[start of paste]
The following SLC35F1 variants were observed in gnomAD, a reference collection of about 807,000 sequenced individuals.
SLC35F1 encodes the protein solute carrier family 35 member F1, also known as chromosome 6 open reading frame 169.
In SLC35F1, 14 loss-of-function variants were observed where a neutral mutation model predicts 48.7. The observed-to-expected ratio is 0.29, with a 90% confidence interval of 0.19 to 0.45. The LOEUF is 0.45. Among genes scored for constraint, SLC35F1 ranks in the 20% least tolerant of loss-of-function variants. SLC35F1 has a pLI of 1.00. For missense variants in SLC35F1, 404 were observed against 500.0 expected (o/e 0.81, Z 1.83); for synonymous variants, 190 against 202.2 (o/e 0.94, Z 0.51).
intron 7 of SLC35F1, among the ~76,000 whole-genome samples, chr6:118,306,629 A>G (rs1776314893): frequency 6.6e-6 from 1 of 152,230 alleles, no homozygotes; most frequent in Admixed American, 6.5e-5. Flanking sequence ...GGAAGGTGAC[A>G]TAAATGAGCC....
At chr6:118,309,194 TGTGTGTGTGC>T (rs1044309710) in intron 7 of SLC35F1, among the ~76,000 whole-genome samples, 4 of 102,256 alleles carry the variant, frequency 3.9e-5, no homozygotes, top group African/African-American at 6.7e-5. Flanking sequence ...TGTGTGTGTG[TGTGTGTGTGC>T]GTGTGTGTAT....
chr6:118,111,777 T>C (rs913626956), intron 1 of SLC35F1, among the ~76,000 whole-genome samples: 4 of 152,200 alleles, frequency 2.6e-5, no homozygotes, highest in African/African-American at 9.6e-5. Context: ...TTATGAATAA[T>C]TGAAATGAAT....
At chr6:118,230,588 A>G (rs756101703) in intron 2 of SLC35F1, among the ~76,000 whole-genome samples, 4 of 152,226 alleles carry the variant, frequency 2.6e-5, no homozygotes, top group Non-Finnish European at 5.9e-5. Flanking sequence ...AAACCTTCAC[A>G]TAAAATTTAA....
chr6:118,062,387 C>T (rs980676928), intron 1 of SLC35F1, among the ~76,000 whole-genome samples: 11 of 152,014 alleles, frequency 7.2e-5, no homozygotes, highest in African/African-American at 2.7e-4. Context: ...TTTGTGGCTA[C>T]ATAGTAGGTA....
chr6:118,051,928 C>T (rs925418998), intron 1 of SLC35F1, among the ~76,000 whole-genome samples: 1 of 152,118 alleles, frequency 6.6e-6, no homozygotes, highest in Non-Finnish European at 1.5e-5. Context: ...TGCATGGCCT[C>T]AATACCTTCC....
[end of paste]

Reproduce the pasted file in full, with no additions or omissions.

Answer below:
The following SLC35F1 variants were observed in gnomAD, a reference collection of about 807,000 sequenced individuals.
SLC35F1 encodes the protein solute carrier family 35 member F1, also known as chromosome 6 open reading frame 169.
In SLC35F1, 14 loss-of-function variants were observed where a neutral mutation model predicts 48.7. The observed-to-expected ratio is 0.29, with a 90% confidence interval of 0.19 to 0.45. The LOEUF is 0.45. Among genes scored for constraint, SLC35F1 ranks in the 20% least tolerant of loss-of-function variants. SLC35F1 has a pLI of 1.00. For missense variants in SLC35F1, 404 were observed against 500.0 expected (o/e 0.81, Z 1.83); for synonymous variants, 190 against 202.2 (o/e 0.94, Z 0.51).
intron 7 of SLC35F1, among the ~76,000 whole-genome samples, chr6:118,306,629 A>G (rs1776314893): frequency 6.6e-6 from 1 of 152,230 alleles, no homozygotes; most frequent in Admixed American, 6.5e-5. Flanking sequence ...GGAAGGTGAC[A>G]TAAATGAGCC....
At chr6:118,309,194 TGTGTGTGTGC>T (rs1044309710) in intron 7 of SLC35F1, among the ~76,000 whole-genome samples, 4 of 102,256 alleles carry the variant, frequency 3.9e-5, no homozygotes, top group African/African-American at 6.7e-5. Flanking sequence ...TGTGTGTGTG[TGTGTGTGTGC>T]GTGTGTGTAT....
chr6:118,111,777 T>C (rs913626956), intron 1 of SLC35F1, among the ~76,000 whole-genome samples: 4 of 152,200 alleles, frequency 2.6e-5, no homozygotes, highest in African/African-American at 9.6e-5. Context: ...TTATGAATAA[T>C]TGAAATGAAT....
At chr6:118,230,588 A>G (rs756101703) in intron 2 of SLC35F1, among the ~76,000 whole-genome samples, 4 of 152,226 alleles carry the variant, frequency 2.6e-5, no homozygotes, top group Non-Finnish European at 5.9e-5. Flanking sequence ...AAACCTTCAC[A>G]TAAAATTTAA....
chr6:118,062,387 C>T (rs980676928), intron 1 of SLC35F1, among the ~76,000 whole-genome samples: 11 of 152,014 alleles, frequency 7.2e-5, no homozygotes, highest in African/African-American at 2.7e-4. Context: ...TTTGTGGCTA[C>T]ATAGTAGGTA....
chr6:118,051,928 C>T (rs925418998), intron 1 of SLC35F1, among the ~76,000 whole-genome samples: 1 of 152,118 alleles, frequency 6.6e-6, no homozygotes, highest in Non-Finnish European at 1.5e-5. Context: ...TGCATGGCCT[C>T]AATACCTTCC....